Also, if you are in the non-monogamous/poly community and you aren't interested in writing, but you think you might know someone who would be, please feel free to pass this invitation along to hir as well.

Thursday, March 18, 2010

Today In Meet A Poly Person

Often in online conversations about poly people's relationships, real lived experiences of poly people, (or people in open relationships, or swingers, or anyone else who isn't monogamous) are ignored. There will be a strawperson (or strawrelationship) set up for the blogger or commenter to knock down in their quest to show how very bad and no good we non-monogamous people are. So, in order to combat that, I would like to start a series about the real lived experiences and desires people who are non-monogamous. We aren't all the same, so hopefully I'll be able to find people willing to write about their different experiences regarding their relationships and lives.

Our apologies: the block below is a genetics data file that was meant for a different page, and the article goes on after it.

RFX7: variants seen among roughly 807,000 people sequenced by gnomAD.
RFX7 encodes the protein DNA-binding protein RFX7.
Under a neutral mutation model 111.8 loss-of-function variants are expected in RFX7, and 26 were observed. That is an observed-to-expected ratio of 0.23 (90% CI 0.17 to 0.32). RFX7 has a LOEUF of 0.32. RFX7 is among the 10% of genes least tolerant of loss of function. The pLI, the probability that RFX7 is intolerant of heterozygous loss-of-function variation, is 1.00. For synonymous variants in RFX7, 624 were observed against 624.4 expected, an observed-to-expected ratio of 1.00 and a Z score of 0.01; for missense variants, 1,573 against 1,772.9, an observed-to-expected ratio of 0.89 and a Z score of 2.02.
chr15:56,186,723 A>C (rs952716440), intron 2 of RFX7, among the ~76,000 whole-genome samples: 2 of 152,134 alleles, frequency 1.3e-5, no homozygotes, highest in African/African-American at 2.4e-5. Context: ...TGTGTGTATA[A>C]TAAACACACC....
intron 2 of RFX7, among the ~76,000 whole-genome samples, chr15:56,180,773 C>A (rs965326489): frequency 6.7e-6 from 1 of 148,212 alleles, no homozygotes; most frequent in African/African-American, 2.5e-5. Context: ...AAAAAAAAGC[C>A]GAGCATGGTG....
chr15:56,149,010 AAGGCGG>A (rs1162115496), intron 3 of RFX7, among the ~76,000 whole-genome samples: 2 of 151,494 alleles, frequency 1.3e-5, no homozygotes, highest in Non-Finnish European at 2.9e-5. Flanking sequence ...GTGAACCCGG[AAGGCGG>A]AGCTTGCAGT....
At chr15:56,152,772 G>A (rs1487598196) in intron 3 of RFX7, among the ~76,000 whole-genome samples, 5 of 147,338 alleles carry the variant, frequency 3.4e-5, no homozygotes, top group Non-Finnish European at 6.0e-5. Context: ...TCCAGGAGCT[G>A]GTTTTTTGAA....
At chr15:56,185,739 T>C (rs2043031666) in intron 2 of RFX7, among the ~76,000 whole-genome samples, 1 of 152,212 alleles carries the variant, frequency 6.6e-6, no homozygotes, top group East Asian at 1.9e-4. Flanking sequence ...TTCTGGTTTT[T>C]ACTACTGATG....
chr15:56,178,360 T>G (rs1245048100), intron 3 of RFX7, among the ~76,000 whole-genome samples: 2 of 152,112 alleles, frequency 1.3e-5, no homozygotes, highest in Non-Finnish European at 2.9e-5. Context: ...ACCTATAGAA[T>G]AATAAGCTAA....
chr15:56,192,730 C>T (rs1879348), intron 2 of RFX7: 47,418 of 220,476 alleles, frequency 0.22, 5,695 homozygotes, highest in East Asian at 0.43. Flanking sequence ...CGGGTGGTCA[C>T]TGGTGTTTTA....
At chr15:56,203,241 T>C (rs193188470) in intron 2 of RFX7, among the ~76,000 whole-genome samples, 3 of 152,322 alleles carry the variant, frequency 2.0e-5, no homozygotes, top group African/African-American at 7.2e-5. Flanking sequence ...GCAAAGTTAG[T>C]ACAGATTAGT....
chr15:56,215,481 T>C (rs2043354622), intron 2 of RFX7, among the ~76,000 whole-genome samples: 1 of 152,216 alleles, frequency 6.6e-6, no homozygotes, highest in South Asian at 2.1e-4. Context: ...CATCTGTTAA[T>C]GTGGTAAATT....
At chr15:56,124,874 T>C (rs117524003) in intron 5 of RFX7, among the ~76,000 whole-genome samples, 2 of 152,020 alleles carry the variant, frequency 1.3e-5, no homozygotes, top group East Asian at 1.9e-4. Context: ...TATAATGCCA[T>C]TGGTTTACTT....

Hi, my name is TheDeviantE. I am a poly person.

What do I want in my life?

I want to have a loving and committed relationship to my current partner Bluejay until one or the other of us dies. I want to find one or more other partners with which to also share a loving and committed relationship until one or the other of us dies. What I'd love most of all would be to find one or two other partners who also wanted to have a loving and committed relationship with both me and Bluejay (and each other, if more than one). A relationship like this is often called a Triad (or Quad). Besides my loving and committed relationships to Bluejay and some as yet unfound other partner(s), I am interested in sometimes going on dates and making out with and maybe having sex with other people, people who perhaps I like but don't think I want to live with forever.